[Fresh on 4K] ‘PAN’S LABYRINTH’ an adult fairy tale worth keeping around

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Connor Bynum // Film Critic

PAN’S LABYRINTH (2006)

Rated R, 118 minutes.
Director: Guillermo del Toro
Cast: Ivana BaqueroAriadna GilSergi López, Maribel Verdú, Roger Casamajor and Doug Jones
Available today on 4K Ultra HD, Blu-ray, DVD and Digital HD.

Oscar-winning director Guillermo del Toro is unquestionably known for his unique take on fantasy films with a dark adult-oriented perspective. For many, PAN’S LABYRINTH was the film that put the acclaimed auteur on the map. Now that it’s available on 4KUHD, it’s the perfect time to revisit del Toro’s masterpiece.

Movie Grade: A

Taking place in a civil war laden Spain in 1944, the film centers on Ofelia (Ivana Baquero), a young girl obsessed with fairy tales and make-believe. She is forced to live in the same home as a sinister military Captain (Sergi López), who intends to marry her pregnant mother (Maribel Verdú). Ofelia soon comes into contact with a magical creature, known as Fauno (Doug Jones), who insists she is the reincarnation of the princess of a mystical world and must carry out three tasks before she can claim her throne.

This is the kind of film that revels in its own absurdity in the best way. Its presentation of fantasy creatures always remains grounded in reality and never entirely becomes unbelievable. Additionally, the decision to present a mainstream film solely in Spanish in 2006 holds up incredibly well today. Quite simply, this is a wonderful film, and it deserves to be seen.

Video/Audio Grade: B+

PAN’S LABYRINTH was captured on 35mm film, and it arrives on 4KUHD using an upscale treatment derived from a 2K digital intermediate. While Warner Bros has been mostly consistent with their 4K upscales, this one falls somewhere in the middle.

Most of the complaints that will likely land on this disc will be regarding the (unfortunately) aged computer-generated images. Digital characters such as fairies and the giant frog appear separated from their live-action counterparts as if they were covered in a reflective layer of plastic, while the practical elements (the iconic Faun, in particular) look stunningly realistic with the increased resolution. 

Human characters look fantastic across the board. Subtle imperfections in hair, costumes, and props have the clarity one should expect at this point when viewing a film in 4K. Practical sets also look wonderfully crafted. 

It’s understandable that certain aspects of this film simply had to be created by a computer. It’s just too bad that these elements will never hold up as modern movies start to look better.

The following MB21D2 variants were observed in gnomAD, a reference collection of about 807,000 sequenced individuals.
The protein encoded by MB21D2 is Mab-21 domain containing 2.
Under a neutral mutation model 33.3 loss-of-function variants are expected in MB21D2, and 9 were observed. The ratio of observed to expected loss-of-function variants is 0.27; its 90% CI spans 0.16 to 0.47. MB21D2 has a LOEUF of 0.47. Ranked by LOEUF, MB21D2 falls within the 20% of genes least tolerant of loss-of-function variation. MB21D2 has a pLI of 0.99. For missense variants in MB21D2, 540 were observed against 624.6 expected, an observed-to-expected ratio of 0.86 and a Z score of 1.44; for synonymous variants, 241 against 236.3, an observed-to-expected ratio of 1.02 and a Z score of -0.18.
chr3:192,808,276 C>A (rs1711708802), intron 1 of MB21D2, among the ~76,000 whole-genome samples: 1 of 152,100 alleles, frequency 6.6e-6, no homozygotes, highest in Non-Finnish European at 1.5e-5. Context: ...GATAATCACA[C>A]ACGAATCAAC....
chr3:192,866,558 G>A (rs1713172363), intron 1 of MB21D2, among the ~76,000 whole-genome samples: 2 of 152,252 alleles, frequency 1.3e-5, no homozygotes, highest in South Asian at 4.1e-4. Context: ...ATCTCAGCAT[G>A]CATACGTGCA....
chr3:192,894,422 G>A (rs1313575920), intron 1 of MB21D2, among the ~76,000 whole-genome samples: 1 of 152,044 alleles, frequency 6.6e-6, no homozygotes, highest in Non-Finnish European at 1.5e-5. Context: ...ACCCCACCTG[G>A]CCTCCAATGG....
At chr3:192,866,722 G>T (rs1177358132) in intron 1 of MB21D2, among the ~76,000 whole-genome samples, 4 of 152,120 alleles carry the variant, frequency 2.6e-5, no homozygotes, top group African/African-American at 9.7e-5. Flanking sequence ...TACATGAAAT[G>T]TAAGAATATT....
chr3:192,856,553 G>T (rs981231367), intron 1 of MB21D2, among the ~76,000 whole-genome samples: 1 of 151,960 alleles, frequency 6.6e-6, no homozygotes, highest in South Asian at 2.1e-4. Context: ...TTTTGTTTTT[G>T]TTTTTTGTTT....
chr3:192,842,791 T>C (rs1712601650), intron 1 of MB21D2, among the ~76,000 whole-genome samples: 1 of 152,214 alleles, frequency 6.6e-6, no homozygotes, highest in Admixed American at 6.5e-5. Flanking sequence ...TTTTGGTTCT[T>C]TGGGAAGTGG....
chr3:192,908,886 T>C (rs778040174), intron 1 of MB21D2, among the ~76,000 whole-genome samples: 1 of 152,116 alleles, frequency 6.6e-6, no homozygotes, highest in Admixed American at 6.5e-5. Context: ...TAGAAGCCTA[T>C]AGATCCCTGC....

Courtesy of Blu-ray.com

The implementation of HDR10 is a most welcome improvement over the standard Blu-ray. The numerous dark scenes rarely have the telltale noise cloud or grey haze, and the contrastingly bright final sequence is as glorious as ever. 

Interestingly enough, while the visuals on the 4K disc offer a noticeable improvement over the 1080p Blu-ray, the audio seems to have taken a step backward. Instead of implementing a Dolby Atmos track, or even the DTS-HD 7.1 MA mix from the 2007 Blu-ray release, this disc only offers a confusingly limited DTS-HD 5.1 MA. Perhaps this was due to compression issues, but such a decision is nonetheless disappointing. That’s not to say the 5.1 mix isn’t good. Plenty of instances where fairies flutter from one side of the screen to the other make playful use of the left and right channels. Additionally, the civil war battle scenes pack a satisfying punch as bullets fly in chaotic directions. 

Extras Grade: C

Other than a director’s commentary track, no extras are included on the 4K disc. The standard 1080p Blu-ray packaged with the re-release is identical to the 2007 release, including the special features. First-time buyers should certainly give these a look, but be prepared for a very low-quality presentation. 

All extras listed below:

  • Director’s Prologue
  • Audio Commentary with director Guillermo del Toro
  • Enhanced Visual Commentary
  • Featurettes – “The Power of Myth”, “Pan and the Fairies”, “The Color and the Shape”, and “The Melody Echoes the Fairy Tale”
  • The Director’s Notebook – “Del Toro’s Notes and Sketches”, “Storyboard / Thumbnail Compares”, “VFX Plate Comparison”, and “Galleries”
  • The Charlie Rose Show featuring Guillermo del Toro, Alfonso Cuarón, and Alejandro Iñárritu
  • Comics – “The Giant Toad”, “The Fairies”, “Pan”, and “The Pale Man”
  • Marketing Campaign – Theatrical Teaser, Trailer, and TV Spots

Final Grade: B+

PAN’S LABYRINTH is a beautiful film that, in spite of a few flaws, has never looked better. 

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